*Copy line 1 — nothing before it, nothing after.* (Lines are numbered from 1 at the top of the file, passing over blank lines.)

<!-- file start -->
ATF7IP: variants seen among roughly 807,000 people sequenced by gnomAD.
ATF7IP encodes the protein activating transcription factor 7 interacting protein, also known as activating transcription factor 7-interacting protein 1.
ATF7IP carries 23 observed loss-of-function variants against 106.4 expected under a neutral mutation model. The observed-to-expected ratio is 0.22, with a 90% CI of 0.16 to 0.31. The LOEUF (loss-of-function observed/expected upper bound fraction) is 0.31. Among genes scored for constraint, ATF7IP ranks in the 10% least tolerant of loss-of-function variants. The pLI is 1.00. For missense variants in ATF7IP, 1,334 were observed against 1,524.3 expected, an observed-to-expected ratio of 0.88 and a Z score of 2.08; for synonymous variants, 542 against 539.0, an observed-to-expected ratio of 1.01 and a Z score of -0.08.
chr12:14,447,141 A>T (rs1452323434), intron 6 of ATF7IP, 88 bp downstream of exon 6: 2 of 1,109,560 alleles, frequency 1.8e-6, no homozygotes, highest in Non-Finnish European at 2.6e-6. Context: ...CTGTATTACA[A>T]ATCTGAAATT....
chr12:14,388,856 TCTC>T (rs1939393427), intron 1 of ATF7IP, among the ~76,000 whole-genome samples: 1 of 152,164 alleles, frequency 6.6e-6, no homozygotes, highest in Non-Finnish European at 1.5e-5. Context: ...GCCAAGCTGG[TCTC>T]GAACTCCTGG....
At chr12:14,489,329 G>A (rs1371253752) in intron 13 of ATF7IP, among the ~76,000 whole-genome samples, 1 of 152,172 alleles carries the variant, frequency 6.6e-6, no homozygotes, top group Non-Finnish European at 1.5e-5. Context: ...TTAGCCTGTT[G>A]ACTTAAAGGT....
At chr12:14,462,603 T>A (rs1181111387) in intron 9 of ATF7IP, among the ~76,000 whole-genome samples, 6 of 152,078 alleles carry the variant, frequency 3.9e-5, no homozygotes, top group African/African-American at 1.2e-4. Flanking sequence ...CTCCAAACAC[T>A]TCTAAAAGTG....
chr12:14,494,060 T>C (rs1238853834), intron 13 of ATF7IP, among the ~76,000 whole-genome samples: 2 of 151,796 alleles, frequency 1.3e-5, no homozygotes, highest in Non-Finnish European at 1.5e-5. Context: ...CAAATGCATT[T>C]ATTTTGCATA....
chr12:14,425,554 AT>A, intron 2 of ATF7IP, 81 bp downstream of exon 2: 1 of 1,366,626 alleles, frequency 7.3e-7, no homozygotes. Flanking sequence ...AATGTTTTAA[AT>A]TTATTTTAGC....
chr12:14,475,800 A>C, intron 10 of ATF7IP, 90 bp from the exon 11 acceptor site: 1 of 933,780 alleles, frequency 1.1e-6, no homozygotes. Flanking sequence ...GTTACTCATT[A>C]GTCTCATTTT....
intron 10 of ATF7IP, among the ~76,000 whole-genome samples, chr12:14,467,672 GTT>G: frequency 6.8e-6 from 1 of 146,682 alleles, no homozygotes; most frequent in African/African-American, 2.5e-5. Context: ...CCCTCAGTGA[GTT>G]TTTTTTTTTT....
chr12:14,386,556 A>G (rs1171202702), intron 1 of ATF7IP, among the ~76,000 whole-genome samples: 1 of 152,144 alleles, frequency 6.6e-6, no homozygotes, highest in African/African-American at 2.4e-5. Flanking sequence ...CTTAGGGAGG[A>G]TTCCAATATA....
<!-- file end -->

ATF7IP: variants seen among roughly 807,000 people sequenced by gnomAD.